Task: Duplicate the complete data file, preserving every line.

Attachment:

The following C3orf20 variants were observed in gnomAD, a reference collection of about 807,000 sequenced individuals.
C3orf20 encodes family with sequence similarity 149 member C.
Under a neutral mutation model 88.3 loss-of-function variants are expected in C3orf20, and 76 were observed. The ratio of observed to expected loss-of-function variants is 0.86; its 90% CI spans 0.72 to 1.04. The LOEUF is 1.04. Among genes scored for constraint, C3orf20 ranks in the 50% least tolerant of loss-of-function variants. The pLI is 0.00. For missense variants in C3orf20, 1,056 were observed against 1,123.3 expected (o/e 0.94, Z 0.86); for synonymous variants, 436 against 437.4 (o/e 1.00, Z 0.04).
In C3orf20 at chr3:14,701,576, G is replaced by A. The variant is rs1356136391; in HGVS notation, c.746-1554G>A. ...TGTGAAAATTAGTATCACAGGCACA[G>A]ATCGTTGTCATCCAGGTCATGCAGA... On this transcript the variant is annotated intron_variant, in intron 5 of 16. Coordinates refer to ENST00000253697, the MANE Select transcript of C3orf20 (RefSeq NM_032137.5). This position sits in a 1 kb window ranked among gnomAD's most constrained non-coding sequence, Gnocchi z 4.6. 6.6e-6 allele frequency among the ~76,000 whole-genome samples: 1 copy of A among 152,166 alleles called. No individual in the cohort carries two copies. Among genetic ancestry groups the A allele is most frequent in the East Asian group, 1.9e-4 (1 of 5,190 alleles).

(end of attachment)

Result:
The following C3orf20 variants were observed in gnomAD, a reference collection of about 807,000 sequenced individuals.
C3orf20 encodes family with sequence similarity 149 member C.
Under a neutral mutation model 88.3 loss-of-function variants are expected in C3orf20, and 76 were observed. The ratio of observed to expected loss-of-function variants is 0.86; its 90% CI spans 0.72 to 1.04. The LOEUF is 1.04. Among genes scored for constraint, C3orf20 ranks in the 50% least tolerant of loss-of-function variants. The pLI is 0.00. For missense variants in C3orf20, 1,056 were observed against 1,123.3 expected (o/e 0.94, Z 0.86); for synonymous variants, 436 against 437.4 (o/e 1.00, Z 0.04).
In C3orf20 at chr3:14,701,576, G is replaced by A. The variant is rs1356136391; in HGVS notation, c.746-1554G>A. ...TGTGAAAATTAGTATCACAGGCACA[G>A]ATCGTTGTCATCCAGGTCATGCAGA... On this transcript the variant is annotated intron_variant, in intron 5 of 16. Coordinates refer to ENST00000253697, the MANE Select transcript of C3orf20 (RefSeq NM_032137.5). This position sits in a 1 kb window ranked among gnomAD's most constrained non-coding sequence, Gnocchi z 4.6. 6.6e-6 allele frequency among the ~76,000 whole-genome samples: 1 copy of A among 152,166 alleles called. No individual in the cohort carries two copies. Among genetic ancestry groups the A allele is most frequent in the East Asian group, 1.9e-4 (1 of 5,190 alleles).